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My life is mostly video games (said every gamer ever). I’m in law school specializing in video game law. I write papers, articles, and blog posts about video games. I work for a(n amazing) video game developer and publisher. I dabble in C++ and build video game cosplays when I’m bored. And when I just need to take a break and step back from it all, I sit down with a beer or a glass of wine and I play video games.

My life includes so much video game because I love video games. I love the people that make them, the people that play them, and the people that talk about them (even when they’re wrong). I respect the art, creativity, and stories. I enjoy the experience. But it isn’t all about what I like.

Video games can do amazing things for other people.

Extra-Life 4 Kids is a video game marathon benefitting the Children’s Miracle Network. Gamers (board and video, system and PC, co-op and competitors, solo and split screen) will come together for 25 straight hours of gaming starting November 2. Each player registers at and collects donations in support of their marathon effort. The donations support the player’s local Children’s Miracle Network hospital. The recommended donation is $25, $1 for each hour of gameplay. Players can work together and form teams in the hopes of raising more awareness.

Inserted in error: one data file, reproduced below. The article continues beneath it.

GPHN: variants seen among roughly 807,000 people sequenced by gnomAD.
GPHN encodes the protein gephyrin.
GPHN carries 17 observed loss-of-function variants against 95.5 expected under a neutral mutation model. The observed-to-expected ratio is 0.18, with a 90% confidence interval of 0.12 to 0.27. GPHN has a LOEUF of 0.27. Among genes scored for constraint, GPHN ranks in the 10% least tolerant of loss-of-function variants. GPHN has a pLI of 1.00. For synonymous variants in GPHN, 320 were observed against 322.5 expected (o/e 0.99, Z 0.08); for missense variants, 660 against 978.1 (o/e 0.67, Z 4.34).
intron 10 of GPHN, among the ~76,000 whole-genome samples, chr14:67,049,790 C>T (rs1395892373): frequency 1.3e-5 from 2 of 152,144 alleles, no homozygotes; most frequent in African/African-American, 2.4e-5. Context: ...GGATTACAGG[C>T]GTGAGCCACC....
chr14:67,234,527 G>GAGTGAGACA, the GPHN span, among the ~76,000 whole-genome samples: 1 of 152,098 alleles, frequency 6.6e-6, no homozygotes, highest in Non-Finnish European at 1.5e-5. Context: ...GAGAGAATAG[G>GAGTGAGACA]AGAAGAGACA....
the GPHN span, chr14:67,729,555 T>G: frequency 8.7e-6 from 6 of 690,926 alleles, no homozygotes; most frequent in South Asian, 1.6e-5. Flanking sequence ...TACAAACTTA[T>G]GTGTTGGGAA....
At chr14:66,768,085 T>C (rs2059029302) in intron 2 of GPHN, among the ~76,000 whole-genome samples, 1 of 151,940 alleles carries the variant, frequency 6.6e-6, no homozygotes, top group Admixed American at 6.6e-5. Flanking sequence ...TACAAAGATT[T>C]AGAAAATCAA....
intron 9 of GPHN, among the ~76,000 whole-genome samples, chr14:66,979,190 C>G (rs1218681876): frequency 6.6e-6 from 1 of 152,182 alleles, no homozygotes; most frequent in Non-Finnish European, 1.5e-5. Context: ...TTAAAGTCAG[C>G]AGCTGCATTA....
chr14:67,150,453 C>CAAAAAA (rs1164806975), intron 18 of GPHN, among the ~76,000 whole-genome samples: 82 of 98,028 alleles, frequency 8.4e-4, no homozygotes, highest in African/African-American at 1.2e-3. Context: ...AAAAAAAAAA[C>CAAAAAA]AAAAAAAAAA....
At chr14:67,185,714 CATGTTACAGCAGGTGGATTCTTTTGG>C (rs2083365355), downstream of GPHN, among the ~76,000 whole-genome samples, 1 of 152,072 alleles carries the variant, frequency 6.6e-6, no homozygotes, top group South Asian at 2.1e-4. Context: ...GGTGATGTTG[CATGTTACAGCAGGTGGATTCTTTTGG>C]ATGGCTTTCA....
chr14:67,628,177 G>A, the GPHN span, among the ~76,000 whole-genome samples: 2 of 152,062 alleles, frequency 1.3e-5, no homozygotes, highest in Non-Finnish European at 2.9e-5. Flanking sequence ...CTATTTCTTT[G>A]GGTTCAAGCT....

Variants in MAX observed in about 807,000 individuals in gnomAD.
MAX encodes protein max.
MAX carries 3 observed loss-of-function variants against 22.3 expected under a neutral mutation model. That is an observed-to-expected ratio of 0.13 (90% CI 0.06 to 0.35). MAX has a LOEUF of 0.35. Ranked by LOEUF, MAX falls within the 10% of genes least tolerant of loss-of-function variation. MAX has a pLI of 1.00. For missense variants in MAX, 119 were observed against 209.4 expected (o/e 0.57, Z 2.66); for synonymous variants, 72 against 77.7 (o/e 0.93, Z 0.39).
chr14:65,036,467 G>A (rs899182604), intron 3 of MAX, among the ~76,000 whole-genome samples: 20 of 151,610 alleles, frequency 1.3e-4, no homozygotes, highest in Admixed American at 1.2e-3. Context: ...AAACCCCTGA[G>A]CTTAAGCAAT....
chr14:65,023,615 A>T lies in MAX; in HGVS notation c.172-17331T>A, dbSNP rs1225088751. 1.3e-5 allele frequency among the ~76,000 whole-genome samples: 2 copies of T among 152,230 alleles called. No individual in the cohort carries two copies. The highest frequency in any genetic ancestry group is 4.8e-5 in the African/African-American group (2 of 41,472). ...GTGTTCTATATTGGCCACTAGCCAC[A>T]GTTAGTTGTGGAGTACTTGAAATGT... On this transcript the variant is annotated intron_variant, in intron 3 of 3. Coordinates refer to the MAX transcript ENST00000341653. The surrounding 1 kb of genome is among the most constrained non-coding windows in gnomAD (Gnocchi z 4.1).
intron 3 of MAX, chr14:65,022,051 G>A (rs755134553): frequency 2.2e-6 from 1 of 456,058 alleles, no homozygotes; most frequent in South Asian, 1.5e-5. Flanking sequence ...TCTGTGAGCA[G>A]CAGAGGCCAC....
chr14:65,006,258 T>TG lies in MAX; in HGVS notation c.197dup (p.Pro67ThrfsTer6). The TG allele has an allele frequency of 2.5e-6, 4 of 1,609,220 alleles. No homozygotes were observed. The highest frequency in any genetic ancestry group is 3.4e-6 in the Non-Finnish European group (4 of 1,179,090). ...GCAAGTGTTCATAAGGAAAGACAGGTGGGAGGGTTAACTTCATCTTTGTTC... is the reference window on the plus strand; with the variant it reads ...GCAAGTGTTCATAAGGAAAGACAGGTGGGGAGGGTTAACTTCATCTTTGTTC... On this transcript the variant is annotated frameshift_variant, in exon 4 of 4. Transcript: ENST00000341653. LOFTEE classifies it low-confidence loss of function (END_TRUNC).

The day of the marathon, many players will be playing from home alone or with a small group of friends. I, however, will be playing at SpaceLab1, and I hope you’ll join me.

Jay at SpaceLab has made it an official Extra-Life location and set up a team for the location. By providing a space away from gaming home, this marathon will feel more like an event than a typical weekend. We’ll get together to have food, drinks, and camaraderie as we fight distraction and drowsiness.

But why does this matter? Because of the kids.

We play video games because they’re awesome, and Extra-Life is offering us the opportunity to share that awesome with kids that are dealing with really scary stuff, like cancer. We get to do that as a community. We get to stand up to all the (uninformed) people talking about how video games cause violence or rot your brain, and say that video games and the people who play them do things that are truly awesome. By dedicating a weekend to playing games you are helping kids and proving that gamers are amazing people.

If you’re as stoked about this opportunity as I am, head over to sign up, collect donations, and join us to make a difference.